Saturday, November 24, 2007

Christmas on the Ponderosa

I came home yesterday and since M's car was out of the garage, so I said to myself "self, I might as well get the Xmas decorations down from the garage".
So I did.
Then I said to myself, "Self, lets see where the lights are..."
Well, one thing led to the next and pretty soon we were off and running.
It has been interesting answering all the questions from Mukunda about why we do what...

Friday, November 23, 2007

The Gold Urinal

Before the 2001 inauguration of George Bush, he was invited to a get-acquainted tour of the White House. After drinking several glasses of iced tea, he asked Bill Clinton if he could use his personal bathroom.

When he entered Clinton's private toilet, he was astonished to see that President Clinton had a solid gold urinal. That afternoon, George told his wife, Laura, about the urinal.

"Just think," he said, "When I am president, I could have a gold urinal too. But I wouldn't do something that self indulgent!"

Later when Laura had lunch with Hillary at her tour of the White House, she told Hillary how impressed George had been at his discovery of the fact that, in the President's private bathroom, the President had a gold urinal.

That evening, when Bill and Hillary were getting ready for bed,
Hillary smiled, and said to Bill, "I found out who pissed in your saxophone."

Thursday, November 22, 2007

My Father and FDR - by Bill Moyers

My Father and FDR By Bill Moyers The Nation
Wednesday 21 November 2007

Bill Moyers gave the following remarks at the Franklin and Eleanor Roosevelt Institute's twentieth-anniversary Four Freedoms ceremony, where he received the Freedom of Speech award.

Thank you for this recognition and the spirit of the evening. Thanks especially for giving me the chance to sit here awhile thinking about my father. Henry Moyers was an ordinary man who dropped out of the fourth grade because his family needed him to pick cotton to help make ends meet.

The Depression knocked him off the farm and flat on his back. When I was born he was making two dollars a day working on the highway to Oklahoma City. He never made over $100 a week in the whole of his working life, and he made that only when he joined the union on the last job he held. He voted for Franklin Roosevelt in four straight elections, and he would have gone on voting for him until kingdom come if both had lived that long. I once asked him why, and he said, "Because the President's my friend."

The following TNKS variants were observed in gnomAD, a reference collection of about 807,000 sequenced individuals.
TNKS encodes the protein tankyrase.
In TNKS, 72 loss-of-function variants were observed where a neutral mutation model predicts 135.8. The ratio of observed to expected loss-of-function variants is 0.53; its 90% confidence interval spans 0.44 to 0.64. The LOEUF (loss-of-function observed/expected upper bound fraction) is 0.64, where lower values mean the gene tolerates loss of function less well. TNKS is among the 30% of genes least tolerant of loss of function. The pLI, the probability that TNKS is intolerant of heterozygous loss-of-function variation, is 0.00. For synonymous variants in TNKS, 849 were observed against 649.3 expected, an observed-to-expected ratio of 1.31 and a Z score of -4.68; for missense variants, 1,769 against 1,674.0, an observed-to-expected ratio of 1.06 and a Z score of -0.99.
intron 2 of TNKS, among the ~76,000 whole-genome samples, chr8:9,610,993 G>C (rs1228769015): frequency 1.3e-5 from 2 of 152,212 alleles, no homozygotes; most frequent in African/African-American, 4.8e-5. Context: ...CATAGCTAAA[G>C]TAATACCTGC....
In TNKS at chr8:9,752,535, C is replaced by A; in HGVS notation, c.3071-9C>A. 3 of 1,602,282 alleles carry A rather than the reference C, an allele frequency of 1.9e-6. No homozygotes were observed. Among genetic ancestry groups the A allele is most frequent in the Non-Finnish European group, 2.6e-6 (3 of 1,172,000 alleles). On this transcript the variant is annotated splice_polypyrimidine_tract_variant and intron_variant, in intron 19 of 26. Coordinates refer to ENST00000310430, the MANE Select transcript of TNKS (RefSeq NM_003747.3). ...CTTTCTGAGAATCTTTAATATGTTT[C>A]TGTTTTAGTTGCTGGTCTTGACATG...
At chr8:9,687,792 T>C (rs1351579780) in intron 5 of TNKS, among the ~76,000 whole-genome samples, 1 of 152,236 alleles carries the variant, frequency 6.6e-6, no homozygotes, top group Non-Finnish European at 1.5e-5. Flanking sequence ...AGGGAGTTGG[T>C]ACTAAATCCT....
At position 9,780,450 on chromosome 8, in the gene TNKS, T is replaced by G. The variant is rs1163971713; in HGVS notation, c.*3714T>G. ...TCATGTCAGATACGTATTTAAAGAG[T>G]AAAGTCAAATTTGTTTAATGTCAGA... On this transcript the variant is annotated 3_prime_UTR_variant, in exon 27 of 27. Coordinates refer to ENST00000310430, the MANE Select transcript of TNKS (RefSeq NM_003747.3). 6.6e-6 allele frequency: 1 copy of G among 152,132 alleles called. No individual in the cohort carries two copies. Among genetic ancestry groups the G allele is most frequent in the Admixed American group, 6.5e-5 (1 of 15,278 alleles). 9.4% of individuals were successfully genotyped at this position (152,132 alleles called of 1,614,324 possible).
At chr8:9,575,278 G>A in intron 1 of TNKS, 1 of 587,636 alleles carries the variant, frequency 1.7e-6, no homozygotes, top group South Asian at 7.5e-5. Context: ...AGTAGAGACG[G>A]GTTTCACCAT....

Now, my father never met FDR. No politician ever paid him much note, but he was sure he had a friend in the White House during the worst years of his life. When by pure chance I wound up working there many years later, and my parents came for a visit, my father wanted to see the Roosevelt Room. I don't know quite how to explain it, except that my father knew who was on his side and who wasn't, and for twelve years he had no doubt where FDR stood. The first time I remember him with tears in his eyes was when Roosevelt died. He had lost his friend.

We can't revive the man and certainly we wouldn't want to revisit the times, but we can rekindle the spirit. There are 37 million people in this country who are poor; there are 57 million who are near poor, making $20,000 to $40,000 a year - one divorce, one pink slip, one illness away from a free fall. That's almost one-third of America still living on the edge. They need a friend in the White House. My father, with his fourth-grade education and two fingers with the missing tips from the mix-up at the cotton gin, got it when Roosevelt spoke. "I can't talk like him," he said, "but I sure do think like him." My father might not have had the words for it, but he said amen when FDR talked about economic royalism. Sitting in front of our console radio, he got it when Roosevelt said that private power no less than public power can bring America to ruin in the absence of democratic controls.

Don't think for a moment he didn't get it when Roosevelt said that a government by money was as much to be feared as a government by mob, or when he said that the political equality we once had won was meaningless in the face of economic inequality. My father got it when he heard his friend in the White House talk about how "a small group had concentrated into their own hands an almost complete control over other people's property, other people's money, other people's labor - other people's lives." My father knew FDR was talking for him when he said life was no longer free, liberty no longer real, men could no longer follow the pursuit of happiness - against economic tyranny such as this. And my father listened raptly when his friend the President said, "The American citizen" - my father knew the President was speaking of him - "could appeal only to the organized power of government."

So thank you for reminding us that liberalism is less about ideology and doctrine than about friendship and faith - the bond between a patrician in the White House and a working man on the Texas-Oklahoma border and their mutual belief in America as a shared project. Thank you for this reminder of how we might yet turn the listing ship of state.

My father thanks you, too.

Happy Thanksgiving!

Makunda, Joe, Ruth and Milton (with Elvis in the background)

Elvis on Elvas Ave (a tradtion here)

We began the day with a walk with freinds in the Run/Walk for Hunger... just about 22000 folks participated... this afternoon we are off to Jose & Loren's for Turkey @ 3!
All my very best Thanksgiving wishes to all! For those of you readying this from abroad, here is a link that explains our USAan ritual on this day:
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